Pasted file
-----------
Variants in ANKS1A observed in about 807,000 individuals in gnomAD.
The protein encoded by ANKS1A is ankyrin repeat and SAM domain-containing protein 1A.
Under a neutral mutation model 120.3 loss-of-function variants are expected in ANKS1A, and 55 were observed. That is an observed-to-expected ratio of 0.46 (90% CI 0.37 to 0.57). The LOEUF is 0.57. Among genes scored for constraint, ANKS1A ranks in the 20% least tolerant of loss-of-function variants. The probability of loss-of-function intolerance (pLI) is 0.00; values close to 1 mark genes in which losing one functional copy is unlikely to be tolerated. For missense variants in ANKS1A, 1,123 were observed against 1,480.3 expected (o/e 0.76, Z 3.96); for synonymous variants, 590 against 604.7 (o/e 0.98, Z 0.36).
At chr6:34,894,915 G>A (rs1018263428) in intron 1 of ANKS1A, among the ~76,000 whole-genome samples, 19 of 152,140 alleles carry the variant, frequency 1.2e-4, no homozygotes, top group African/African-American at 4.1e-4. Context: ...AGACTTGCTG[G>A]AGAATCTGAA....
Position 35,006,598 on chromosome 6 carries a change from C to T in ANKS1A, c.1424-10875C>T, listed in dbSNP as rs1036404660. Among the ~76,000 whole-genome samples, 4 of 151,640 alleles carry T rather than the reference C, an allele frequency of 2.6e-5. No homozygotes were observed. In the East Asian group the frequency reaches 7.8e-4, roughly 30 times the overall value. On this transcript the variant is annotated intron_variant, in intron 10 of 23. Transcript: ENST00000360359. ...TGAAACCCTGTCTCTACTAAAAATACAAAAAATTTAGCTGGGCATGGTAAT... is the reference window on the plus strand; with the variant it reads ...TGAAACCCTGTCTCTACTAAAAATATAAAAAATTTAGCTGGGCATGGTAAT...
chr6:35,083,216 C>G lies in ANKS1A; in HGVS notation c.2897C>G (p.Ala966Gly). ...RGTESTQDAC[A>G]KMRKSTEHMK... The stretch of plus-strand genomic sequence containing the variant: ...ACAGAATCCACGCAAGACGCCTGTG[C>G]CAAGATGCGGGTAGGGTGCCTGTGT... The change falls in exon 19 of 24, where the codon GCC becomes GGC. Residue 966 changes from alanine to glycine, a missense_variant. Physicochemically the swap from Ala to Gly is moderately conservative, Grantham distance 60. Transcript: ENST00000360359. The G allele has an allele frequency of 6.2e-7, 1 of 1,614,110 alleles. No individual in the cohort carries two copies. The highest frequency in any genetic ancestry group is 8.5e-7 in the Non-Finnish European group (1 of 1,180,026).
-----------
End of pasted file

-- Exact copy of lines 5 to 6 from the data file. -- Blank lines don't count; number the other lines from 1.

Position 35,006,598 on chromosome 6 carries a change from C to T in ANKS1A, c.1424-10875C>T, listed in dbSNP as rs1036404660. Among the ~76,000 whole-genome samples, 4 of 151,640 alleles carry T rather than the reference C, an allele frequency of 2.6e-5. No homozygotes were observed. In the East Asian group the frequency reaches 7.8e-4, roughly 30 times the overall value. On this transcript the variant is annotated intron_variant, in intron 10 of 23. Transcript: ENST00000360359. ...TGAAACCCTGTCTCTACTAAAAATACAAAAAATTTAGCTGGGCATGGTAAT... is the reference window on the plus strand; with the variant it reads ...TGAAACCCTGTCTCTACTAAAAATATAAAAAATTTAGCTGGGCATGGTAAT...
chr6:35,083,216 C>G lies in ANKS1A; in HGVS notation c.2897C>G (p.Ala966Gly). ...RGTESTQDAC[A>G]KMRKSTEHMK... The stretch of plus-strand genomic sequence containing the variant: ...ACAGAATCCACGCAAGACGCCTGTG[C>G]CAAGATGCGGGTAGGGTGCCTGTGT... The change falls in exon 19 of 24, where the codon GCC becomes GGC. Residue 966 changes from alanine to glycine, a missense_variant. Physicochemically the swap from Ala to Gly is moderately conservative, Grantham distance 60. Transcript: ENST00000360359. The G allele has an allele frequency of 6.2e-7, 1 of 1,614,110 alleles. No individual in the cohort carries two copies. The highest frequency in any genetic ancestry group is 8.5e-7 in the Non-Finnish European group (1 of 1,180,026).